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Last Updated: Tuesday, 31 January 2006, 21:02 GMT
UK forces suffer 100th Iraq death
British soldiers
British soldiers have been in the Basra province since 2003
The 100th UK soldier to die in Iraq since the 2003 invasion has been named by the Ministry of Defence.

Corporal Gordon Alexander Pritchard, 31, a soldier from the Royal Scots Dragoon Guards died in a blast in Umm Qasr, Basra province.

His parents Jenny and Bill said in a statement he was "the epitome of a modern, professional soldier" and "extremely proud" of his regiment.

It follows the death of L/Cpl Allan Douglas, 22, who died on Monday.

The statement by Cpl Pritchard's parents said he had followed family tradition by serving with the Royal Scots Dragoon Guards.

"He was a well-trained, well-motivated soldier serving in a regiment that he was extremely proud of, as did his father and elder brother," it said.

"He was a loving son, and a very proud family man, and he will be deeply missed by us all."

Prime Minister Tony Blair said it was a "tragedy" but British troops would remain in Iraq for as long as needed.

Three other soldiers were injured, one seriously, in the Umm Qasr blast, which took place at 0834 local time (0534 GMT).

The MoD said all three were receiving treatment at the Shaibah medical facility and the explosion was being investigated.

Rations run

Cpl Pritchard, who was married with children, was commanding the lead Land Rover in a three-vehicle convoy. The MoD said the convoy was on a routine rations and water run when the explosion was detonated.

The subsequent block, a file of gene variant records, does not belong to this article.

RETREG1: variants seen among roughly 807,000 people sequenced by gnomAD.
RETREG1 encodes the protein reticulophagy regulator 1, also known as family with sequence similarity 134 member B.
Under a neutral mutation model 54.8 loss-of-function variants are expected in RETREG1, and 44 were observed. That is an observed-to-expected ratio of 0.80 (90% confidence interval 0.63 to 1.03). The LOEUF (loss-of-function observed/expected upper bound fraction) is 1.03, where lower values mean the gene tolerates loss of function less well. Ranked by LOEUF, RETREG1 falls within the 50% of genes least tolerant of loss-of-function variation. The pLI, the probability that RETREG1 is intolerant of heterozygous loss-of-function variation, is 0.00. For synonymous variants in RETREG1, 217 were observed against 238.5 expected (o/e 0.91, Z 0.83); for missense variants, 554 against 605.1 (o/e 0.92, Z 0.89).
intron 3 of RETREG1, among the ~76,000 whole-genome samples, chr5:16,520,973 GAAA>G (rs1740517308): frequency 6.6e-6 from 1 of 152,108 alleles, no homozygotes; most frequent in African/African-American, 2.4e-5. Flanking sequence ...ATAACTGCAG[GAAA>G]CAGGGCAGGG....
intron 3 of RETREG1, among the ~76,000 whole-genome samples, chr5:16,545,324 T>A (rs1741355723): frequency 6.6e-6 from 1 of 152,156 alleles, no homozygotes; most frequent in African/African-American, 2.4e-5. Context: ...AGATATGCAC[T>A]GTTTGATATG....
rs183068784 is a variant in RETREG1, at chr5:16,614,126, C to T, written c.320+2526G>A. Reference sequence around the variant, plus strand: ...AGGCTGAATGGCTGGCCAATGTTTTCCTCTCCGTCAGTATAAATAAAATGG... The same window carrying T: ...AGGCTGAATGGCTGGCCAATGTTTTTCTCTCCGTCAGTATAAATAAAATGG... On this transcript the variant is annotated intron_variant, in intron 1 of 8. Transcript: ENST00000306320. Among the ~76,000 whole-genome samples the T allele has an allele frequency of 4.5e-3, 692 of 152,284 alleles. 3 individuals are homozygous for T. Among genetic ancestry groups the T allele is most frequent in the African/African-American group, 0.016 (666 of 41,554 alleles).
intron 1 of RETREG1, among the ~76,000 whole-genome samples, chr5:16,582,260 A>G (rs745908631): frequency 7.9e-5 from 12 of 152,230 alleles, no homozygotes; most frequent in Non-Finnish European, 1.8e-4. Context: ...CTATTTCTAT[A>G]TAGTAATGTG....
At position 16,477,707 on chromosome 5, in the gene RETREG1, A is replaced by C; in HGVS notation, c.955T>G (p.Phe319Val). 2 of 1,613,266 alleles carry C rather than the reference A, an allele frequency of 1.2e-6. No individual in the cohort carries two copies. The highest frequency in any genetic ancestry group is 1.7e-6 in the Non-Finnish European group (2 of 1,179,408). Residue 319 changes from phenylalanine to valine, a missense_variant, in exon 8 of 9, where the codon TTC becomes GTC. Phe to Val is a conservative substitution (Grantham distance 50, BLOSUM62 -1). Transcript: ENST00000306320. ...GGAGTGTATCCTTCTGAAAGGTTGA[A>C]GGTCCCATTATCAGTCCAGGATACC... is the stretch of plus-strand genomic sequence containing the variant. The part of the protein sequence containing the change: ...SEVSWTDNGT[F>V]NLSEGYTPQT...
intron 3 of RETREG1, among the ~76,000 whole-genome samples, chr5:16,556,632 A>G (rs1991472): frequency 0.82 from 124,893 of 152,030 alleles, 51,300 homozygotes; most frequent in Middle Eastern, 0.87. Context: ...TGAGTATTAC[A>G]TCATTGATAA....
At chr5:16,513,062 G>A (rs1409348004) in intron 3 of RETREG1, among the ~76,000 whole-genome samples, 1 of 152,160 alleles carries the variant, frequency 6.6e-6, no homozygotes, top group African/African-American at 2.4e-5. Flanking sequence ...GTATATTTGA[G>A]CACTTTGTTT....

An MOD spokesman expressed "our deepest sympathy" to Cpl Pritchard's relatives and friends "at this sad time".

Umm Qasr, Iraq's biggest port, was one of the first cities to be captured by British forces in May 2003.

Since then, it has largely avoided the kind of violence seen in Baghdad and, to a lesser extent, the city of Basra.

Defence Secretary John Reid said it was an appropriate time to reflect on the "dedication, courage, professionalism and sacrifice" of the armed forces and their families.

100 service personnel killed
77 died in action
23 from non-combat injuries

The family of L/Cpl Douglas, who was shot and killed in Maysan province on Monday morning, have spoken about his death.

His mother said her son had been back to his Aberdeen home over Christmas and had not wanted to return to Iraq.

Diane Douglas told the BBC it was a "damn disgrace" that young people were being killed in Iraq, adding: "I don't think Tony Blair should have put any young kids out there."

Former foreign secretary Sir Malcolm Rifkind, a Conservative who initially opposed the war, said he was "deeply saddened" by the death but added Britain could not just leave Iraq.

L/Cpl Allan Douglas (Pic: Highlanders)
I don't think Tony Blair should have put any young kids out there
Diane Douglas

George Galloway MP, who wants all troops to be withdrawn from Iraq, said the latest casualty showed the "full disastrous consequences" of the war.

Former Labour MP Tam Dalyell, who is an honorary member of the Royal Scots Dragoon Guards officers' mess, also expressed his sadness.

"I am dreadfully sorry that this should have happened in a conflict where the military objective is far from clear," he said.

Some 230 British troops have been injured by enemy action since the conflict in the country began in 2003.

Of the 100 servicemen and women who have died in Iraq, 77 were classed as being killed in action.

The other 23 died from illness, non-combat injuries, accident or an unknown cause.

In all, 2,242 US troops have died in the conflict. There is no widely accepted figure for the number of Iraqi civilian deaths. Estimates have varied between 10,000 and 100,000.

Hear Tony Blair speak on the role of UK troops in Iraq


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